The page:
sThe Harper government is appropriately targeting public-sector wages and benefits to bring them in line with those earned in the private sector. At one time, a government job paid less than market rates but offered richer benefits. That is no longer the case; taxpayers are paying to support public-service overall compensation higher than they themselves earn.
But the federal government's intent to intervene in collective-bargaining negotiations at Crown corporations is a bad idea. It muddles the "arm's-length" relationship with autonomous agencies that is necessary to keep government out of routine Crown-corporation business.
The government's budget-implementation omnibus bill would allow the cabinet, via Treasury Board, to set the compensation mandate and sit at the bargaining table. It has singled out Via Rail, the CBC and Canada Post, three entities struggling financially, two of which are under obvious pressure in a new age of communication.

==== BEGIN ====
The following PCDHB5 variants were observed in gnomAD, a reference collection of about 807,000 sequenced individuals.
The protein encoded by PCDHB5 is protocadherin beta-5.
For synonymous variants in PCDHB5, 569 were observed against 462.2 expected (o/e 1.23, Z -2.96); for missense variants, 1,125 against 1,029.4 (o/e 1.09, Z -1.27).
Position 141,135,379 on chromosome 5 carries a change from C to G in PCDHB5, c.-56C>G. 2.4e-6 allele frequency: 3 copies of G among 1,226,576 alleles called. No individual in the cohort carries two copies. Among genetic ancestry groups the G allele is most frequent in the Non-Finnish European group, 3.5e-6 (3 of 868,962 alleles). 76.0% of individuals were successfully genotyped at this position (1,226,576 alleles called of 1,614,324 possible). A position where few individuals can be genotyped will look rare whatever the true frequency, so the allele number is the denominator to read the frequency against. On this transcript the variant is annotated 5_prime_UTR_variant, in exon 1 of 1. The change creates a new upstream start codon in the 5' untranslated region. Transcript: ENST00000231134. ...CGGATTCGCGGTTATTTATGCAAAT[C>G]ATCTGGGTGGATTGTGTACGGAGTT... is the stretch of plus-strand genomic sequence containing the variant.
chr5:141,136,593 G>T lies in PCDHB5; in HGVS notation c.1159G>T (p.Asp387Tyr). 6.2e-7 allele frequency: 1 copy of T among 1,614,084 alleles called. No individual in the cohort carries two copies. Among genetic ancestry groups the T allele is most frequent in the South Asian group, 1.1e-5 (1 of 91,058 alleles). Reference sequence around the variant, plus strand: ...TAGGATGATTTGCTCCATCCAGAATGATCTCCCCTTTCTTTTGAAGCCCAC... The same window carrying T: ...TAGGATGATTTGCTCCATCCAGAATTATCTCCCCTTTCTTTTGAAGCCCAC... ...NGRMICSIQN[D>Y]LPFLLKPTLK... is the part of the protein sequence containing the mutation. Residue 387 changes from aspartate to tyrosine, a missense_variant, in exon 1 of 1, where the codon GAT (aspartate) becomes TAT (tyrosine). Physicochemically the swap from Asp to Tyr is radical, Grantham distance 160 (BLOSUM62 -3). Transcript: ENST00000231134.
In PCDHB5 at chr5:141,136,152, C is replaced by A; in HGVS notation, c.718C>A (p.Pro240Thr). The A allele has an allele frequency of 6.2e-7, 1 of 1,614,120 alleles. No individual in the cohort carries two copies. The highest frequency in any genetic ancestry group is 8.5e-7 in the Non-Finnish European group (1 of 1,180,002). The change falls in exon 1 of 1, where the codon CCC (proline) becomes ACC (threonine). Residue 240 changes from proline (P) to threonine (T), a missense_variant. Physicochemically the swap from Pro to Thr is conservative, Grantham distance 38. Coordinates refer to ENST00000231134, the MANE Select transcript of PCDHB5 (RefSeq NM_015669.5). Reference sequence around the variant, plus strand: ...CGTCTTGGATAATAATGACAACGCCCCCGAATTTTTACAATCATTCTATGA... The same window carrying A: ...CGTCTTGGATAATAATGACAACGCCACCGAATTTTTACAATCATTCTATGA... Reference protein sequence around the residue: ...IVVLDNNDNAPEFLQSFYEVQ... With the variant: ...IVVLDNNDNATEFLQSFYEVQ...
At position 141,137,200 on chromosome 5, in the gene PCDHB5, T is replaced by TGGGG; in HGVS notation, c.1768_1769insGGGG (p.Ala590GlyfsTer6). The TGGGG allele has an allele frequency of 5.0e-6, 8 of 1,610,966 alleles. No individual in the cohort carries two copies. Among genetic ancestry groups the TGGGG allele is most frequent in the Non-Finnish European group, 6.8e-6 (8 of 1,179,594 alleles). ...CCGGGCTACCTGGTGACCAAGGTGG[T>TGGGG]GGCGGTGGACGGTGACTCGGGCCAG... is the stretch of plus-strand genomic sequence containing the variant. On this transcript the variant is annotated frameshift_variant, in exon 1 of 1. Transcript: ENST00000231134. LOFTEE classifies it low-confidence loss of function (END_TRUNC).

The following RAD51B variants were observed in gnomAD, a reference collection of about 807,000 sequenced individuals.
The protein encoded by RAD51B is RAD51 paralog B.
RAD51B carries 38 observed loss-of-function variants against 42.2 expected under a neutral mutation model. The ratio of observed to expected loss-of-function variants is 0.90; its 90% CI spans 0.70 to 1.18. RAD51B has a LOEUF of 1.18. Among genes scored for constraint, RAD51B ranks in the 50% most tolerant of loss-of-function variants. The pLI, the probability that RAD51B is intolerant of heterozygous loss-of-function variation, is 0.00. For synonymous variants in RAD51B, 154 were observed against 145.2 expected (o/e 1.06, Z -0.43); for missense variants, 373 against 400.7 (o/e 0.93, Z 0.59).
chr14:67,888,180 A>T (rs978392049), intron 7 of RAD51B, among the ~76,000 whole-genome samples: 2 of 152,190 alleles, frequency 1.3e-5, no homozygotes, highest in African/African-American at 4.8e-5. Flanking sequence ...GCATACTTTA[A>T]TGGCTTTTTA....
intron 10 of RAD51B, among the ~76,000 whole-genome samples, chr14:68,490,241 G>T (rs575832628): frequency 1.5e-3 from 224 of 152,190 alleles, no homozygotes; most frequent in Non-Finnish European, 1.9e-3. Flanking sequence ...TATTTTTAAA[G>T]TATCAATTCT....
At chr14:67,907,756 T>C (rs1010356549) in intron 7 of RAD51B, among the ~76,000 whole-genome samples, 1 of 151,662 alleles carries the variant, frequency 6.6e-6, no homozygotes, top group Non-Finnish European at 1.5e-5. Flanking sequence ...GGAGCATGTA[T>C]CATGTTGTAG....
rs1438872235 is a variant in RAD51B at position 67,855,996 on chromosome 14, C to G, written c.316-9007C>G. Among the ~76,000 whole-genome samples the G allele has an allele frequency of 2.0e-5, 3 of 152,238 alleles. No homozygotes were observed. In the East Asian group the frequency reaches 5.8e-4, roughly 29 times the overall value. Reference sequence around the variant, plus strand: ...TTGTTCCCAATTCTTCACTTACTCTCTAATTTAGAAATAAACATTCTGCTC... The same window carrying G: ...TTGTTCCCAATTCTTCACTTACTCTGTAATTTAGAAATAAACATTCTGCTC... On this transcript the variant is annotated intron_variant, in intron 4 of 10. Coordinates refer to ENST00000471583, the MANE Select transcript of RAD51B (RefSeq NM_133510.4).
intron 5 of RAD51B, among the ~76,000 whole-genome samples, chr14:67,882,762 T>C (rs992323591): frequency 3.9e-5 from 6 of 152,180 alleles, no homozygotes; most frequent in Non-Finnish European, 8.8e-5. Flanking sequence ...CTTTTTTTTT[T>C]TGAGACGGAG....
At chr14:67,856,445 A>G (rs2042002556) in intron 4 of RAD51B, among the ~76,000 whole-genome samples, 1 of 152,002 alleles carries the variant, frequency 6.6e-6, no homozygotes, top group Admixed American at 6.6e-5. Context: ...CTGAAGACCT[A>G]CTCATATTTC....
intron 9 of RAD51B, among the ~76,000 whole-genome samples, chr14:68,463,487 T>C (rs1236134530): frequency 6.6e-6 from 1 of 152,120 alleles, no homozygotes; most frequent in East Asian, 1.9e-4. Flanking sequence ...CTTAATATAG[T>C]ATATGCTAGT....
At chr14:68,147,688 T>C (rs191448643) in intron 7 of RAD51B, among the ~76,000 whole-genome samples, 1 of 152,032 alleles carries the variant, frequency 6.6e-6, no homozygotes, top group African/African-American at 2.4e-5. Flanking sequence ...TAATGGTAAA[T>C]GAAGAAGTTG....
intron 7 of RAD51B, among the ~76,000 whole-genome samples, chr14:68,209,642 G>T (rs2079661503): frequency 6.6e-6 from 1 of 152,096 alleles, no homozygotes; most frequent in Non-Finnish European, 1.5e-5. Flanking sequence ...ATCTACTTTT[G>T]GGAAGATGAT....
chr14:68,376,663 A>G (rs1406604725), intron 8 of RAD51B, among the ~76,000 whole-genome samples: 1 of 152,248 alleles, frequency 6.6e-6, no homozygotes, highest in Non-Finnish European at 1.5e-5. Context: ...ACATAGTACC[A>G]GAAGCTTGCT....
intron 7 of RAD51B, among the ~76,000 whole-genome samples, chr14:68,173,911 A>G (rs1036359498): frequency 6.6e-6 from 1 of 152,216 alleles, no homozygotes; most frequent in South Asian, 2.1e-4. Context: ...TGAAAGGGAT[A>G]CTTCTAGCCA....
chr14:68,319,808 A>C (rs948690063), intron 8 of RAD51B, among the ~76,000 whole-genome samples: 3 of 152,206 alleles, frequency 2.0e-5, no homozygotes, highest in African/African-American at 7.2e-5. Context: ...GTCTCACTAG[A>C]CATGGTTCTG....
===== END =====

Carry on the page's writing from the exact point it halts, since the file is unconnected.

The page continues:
The government's misstep is evident in the case of the CBC, a public watchdog heavily financed by taxpayers. The government should have no hand in writing journalists' paycheques.
The CBC and Canada Post need dramatic reform to remain relevant in the Internet age. But neither they nor the 40-plus other Crowns need the government directly setting wages and benefits.
The Harper government can, in setting budgets for Crown agencies, signal to their bosses that compensation needs to better match private-sector rates. Then it must step back.